The largest purchase to date was announced Tuesday as a portion of the Mission Creek Greenway was officially added to the linear park on the south side of the creek.
That was made possible by an agreement with the WFN for a portion of the trail to go through their IR 8, with the granting of a Public Access Agreement.
Raf De Guevara, manager of intergovernmental affairs for the WFN, says the agreement was a partnership between CORD, the city and the band, to share their lands and provide a dedicated pathway for all to use.
“We’re always happy to work on joint ventures,” he commented. The rest of that five-acre reserve is green space, and he said there has been no decision on its future.
It was one of the band’s settlement pieces and historically was one of the Okanagan Nation’s encampments in fall when the kokanee came up the creek to spawn, he explained.
Adjacent is farmland owned by the Casorso family, who came to the MCRI group to discuss property acquisition a couple of years ago.
Rob Casorso, son of Kelowna pioneer August Casorso, says the 16-acre property across which a portion of the greenway was built is owned by his sisters, Joan Casorso, Chris Schmidt and Fran Larsen.
He helped to negotiate with various levels of government to separate six acres of it to be used for the recreational trail and for the re-naturalization project, with the approval of the Agricultural Land Commission.
In return, the remaining 10 acres is now more viable for farming because it has been drained and ditched and fenced. Hay is grown on the property, he said.
The six-acre piece was purchased for $550,000 with a contribution of $215,000 from the regional district’s Regional Parks Legacy fund, $335,000 from the Habitat Conservation Trust Foundation, and the City of Kelowna taking care of the legal costs. Title for this and two other small parcels upstream are being held by the city for MCRI.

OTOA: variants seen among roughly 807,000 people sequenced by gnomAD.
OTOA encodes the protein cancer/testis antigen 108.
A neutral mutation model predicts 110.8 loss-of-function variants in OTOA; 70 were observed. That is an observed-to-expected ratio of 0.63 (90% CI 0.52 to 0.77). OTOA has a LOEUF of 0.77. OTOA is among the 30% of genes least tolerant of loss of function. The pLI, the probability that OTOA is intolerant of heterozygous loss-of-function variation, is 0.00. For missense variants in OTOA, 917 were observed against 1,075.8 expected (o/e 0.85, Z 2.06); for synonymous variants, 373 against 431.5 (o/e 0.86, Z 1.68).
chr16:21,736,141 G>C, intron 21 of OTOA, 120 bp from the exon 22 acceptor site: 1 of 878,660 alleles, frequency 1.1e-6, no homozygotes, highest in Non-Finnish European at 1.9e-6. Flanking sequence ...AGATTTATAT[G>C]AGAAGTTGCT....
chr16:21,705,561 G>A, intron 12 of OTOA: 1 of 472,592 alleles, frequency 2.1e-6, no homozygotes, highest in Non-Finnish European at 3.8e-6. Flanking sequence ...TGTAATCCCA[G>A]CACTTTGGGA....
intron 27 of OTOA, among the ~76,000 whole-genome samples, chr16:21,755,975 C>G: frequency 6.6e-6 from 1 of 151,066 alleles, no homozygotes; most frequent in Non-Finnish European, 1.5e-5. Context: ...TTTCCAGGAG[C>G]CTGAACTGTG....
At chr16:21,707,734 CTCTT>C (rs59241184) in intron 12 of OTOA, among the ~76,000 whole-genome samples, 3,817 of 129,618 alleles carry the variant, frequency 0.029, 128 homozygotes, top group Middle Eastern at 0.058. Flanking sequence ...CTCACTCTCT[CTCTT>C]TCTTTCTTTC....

With this week’s announcement, greenway users now have a (legal) 2.5-kilometre loop trail that permits them to park the car at the Mission Sportsfields, just off Gordon Drive, and hike, run, cycle or ride a horse along the south or north side of the creek to Casorso Road, and back along the other side.
Retired fisheries research biologist Peter Dill has long been an advocate for Mission Creek and he’s been involved with MCRI and the efforts to “give it back some of its natural meander.”
He admits there is a new provincial standard for diking which will have to be followed when the current dikes, and the greenway that follows the top of those dikes, are set back to provide more space for this key Okanagan Valley river.
Both humans looking for recreational opportunities in a natural setting and wild critters, will have lots of new habitat as the project proceeds, he points out.
Providing Mission Creek with the freedom to move will reduce its energy and reduce the flood risks as well as enriching the habitat it provides.
Brian Springinotic, CEO of the HCTF said he was particularly pleased to acknowledge this project since he grew up in the Okanagan.
He pointed out that the money for the HCTF donation came from the province’s anglers, hunters, trappers and guide/outfitters.
“This our first big acquisition, but we’re looking for partners, donations, bequests and other opportunities to continue this project,” commented White.